Wednesday, 26 November 2014

Doing the Right Thing

'It is far better to endure patiently a smart which nobody feels but yourself, than to commit a hasty action whose evil consequences will extend to all connected with you.'
(Charlotte Bronte in Jane Eyre)

Or to paraphrase the Bible:

Turn the other cheek.

However in the Bible it is providing an alternative tack to take to 'An eye for and eye, and a tooth for a tooth' . So rather than seeking revenge in equal measure to the crime committed, the advice appears to be to provide instead an opportunity of equal measure for the offence to be repeated. This time not out of anger or perhaps in the cold light of day. Is it providing an opportunity for the person to do the right thing? Is it to give them a second change?

Otherwise we are saying that people who suffer domestic violence should just put up with it. Or is it saying that it is as equally ridiculous to use the mantra 'An eye for an eye and an tooth for a tooth' as it is to say that if some one hits you on one cheek that you should give them the other to hit too. Or perhaps it is expanding on the idea that revenge is self-perpetuating and will eventually come back to bite you.

So what is the 'right thing'?
  • I've heard parents tell their kids to hit the bully back.
  • I've heard the tit-for-tat goings on of messy divorces.
  • I've heard the neighbourhood ASBO threatening battles.
  • I've heard the sentences prisoners judges and juries have doled out for crimes.

What is the difference between punishment and revenge? Does it matter? Do either make the world a better place?

I remember a 7 year old saying to me how 'horrible' someone was all the time, that the boy just didn't know how to 'behave'  and everybody said he was 'naughty' so nobody liked him or wanted to play with him and he got into 'trouble' a lot.

We talked about how 'sad' it was that he should make people feel like that but we also discussed how sad it was that he had no friends and how that must feel. But out of the conversation, the most important question was:


'How can someone know how to behave if they are not shown?'

 

If every time someone behaves in the manner in which they have been brought up or are accustomed to,  they are punished or experience some other form or reinforcement of negative behaviours how will they ever know what appropriate behaviour looks or feels like or have the positive association of reinforcement?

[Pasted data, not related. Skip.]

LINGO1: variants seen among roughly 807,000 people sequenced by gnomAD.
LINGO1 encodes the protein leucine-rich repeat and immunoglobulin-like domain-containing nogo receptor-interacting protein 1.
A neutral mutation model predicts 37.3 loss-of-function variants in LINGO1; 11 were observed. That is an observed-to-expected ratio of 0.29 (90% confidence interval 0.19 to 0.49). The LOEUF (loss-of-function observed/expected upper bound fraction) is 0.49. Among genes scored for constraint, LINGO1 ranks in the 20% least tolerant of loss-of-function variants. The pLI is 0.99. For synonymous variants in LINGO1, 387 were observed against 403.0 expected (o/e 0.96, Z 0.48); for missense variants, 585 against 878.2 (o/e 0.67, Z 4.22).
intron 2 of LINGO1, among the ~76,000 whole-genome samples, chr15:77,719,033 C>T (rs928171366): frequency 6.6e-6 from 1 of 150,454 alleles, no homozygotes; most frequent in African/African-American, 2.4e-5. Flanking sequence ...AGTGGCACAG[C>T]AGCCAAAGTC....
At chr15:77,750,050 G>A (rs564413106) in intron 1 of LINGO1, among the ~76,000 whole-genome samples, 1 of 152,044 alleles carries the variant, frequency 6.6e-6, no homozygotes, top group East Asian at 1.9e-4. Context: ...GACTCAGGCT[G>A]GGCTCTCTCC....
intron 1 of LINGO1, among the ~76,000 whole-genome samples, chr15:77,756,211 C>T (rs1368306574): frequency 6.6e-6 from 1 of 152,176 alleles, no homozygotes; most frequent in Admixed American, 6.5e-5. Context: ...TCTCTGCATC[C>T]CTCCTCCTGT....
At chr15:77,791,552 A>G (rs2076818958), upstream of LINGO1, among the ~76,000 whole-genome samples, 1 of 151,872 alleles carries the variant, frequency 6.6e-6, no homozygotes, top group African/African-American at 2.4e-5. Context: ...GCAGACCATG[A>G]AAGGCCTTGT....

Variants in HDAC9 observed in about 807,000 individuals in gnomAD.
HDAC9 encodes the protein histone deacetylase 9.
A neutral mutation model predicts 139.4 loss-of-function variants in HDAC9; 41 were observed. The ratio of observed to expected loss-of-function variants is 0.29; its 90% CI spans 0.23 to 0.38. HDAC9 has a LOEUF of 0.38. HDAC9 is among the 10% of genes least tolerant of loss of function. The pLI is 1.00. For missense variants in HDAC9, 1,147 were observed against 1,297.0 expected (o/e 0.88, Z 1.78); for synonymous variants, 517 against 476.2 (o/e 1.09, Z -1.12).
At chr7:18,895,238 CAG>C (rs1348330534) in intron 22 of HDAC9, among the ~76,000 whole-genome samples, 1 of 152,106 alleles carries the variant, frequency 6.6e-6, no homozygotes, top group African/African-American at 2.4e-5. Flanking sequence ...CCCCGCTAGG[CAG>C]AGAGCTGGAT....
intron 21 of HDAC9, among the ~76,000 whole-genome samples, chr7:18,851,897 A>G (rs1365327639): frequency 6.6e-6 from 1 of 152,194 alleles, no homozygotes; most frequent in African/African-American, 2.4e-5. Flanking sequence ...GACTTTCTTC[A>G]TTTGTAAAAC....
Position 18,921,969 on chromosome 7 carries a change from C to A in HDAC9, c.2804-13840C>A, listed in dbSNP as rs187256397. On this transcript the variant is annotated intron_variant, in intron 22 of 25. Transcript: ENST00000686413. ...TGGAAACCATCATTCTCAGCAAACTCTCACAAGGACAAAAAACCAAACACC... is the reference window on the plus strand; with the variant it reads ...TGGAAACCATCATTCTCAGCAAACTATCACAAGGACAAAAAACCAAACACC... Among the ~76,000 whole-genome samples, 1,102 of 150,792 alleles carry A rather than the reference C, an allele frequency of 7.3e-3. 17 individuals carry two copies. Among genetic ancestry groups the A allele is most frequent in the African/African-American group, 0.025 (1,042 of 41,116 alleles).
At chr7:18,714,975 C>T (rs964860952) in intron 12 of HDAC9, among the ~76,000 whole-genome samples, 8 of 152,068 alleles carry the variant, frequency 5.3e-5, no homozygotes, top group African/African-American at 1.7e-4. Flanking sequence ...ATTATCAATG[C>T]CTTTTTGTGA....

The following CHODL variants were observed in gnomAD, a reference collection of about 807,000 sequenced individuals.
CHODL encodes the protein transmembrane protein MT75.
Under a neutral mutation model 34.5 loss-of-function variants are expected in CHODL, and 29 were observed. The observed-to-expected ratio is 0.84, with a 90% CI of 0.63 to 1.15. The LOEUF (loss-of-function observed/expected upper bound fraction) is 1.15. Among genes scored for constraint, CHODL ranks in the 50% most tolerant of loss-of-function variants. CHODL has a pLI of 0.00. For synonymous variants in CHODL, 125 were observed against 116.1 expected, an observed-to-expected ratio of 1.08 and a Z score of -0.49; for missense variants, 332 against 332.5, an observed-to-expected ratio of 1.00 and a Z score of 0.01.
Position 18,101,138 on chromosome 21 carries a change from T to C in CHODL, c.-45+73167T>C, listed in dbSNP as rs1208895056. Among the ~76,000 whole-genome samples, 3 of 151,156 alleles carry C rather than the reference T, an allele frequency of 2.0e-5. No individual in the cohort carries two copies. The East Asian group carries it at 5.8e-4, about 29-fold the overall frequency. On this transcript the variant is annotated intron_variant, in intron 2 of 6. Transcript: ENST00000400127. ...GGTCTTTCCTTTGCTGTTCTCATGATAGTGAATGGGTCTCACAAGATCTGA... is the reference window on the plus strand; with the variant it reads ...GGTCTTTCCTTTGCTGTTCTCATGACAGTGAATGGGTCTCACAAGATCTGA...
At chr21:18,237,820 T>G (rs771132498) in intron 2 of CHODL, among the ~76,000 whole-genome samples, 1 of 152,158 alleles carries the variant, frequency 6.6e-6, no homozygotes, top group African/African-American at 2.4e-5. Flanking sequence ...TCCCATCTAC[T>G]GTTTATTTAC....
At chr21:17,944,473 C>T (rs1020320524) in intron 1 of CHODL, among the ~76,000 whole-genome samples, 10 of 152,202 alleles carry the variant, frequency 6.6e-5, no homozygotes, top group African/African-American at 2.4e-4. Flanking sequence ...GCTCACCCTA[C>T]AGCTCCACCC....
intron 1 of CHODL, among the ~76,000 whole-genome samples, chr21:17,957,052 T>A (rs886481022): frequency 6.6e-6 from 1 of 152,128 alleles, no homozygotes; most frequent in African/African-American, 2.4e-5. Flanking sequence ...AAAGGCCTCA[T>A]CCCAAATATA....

Its trust. How can we expect people to do the right thing if we don't do it ourselves? What will they learn from us?
  • If he hits me and I hit him back. I am saying it is ok to hit. 
  • If he attacks my home and I bomb his back. I'm saying its ok to bomb.
  • If he kills someone and he is given the death penalty. I am saying its ok to kill.
It's not ok to hit, bomb or kill, whatever my justification...whether by tradition, law or military force. We must overcome our baser, immature and reactionary natures. Evolution can't come fast enough. 

Turn the other cheek. If only to give yourself time to think of what to do next, time to develop a plan, a way of dealing with the issues at the root of the problem. To prevent recurrences of the same problem for the same reasons.

Like Gandhi said:

 'An eye for and eye only makes the whole world blind.'

And as Martin Luther King Jnr said:

'Violence as a way of achieving racial justice is both impractical and immoral. It is impractical because it is a descending spiral ending in destruction for all. The old law of an eye for an eye leaves everybody blind. It is immoral because it seeks to humiliate the opponent rather than win his understanding; it seeks to annihilate rather than to convert.'
 (King, 1958, p.213)


52 Quotes on War & Peace  and  some thoughts on Hope
 
King, M, L. (1958) 'Stride Toward Freedom: The Montgomery Story', Harper & Row, New York

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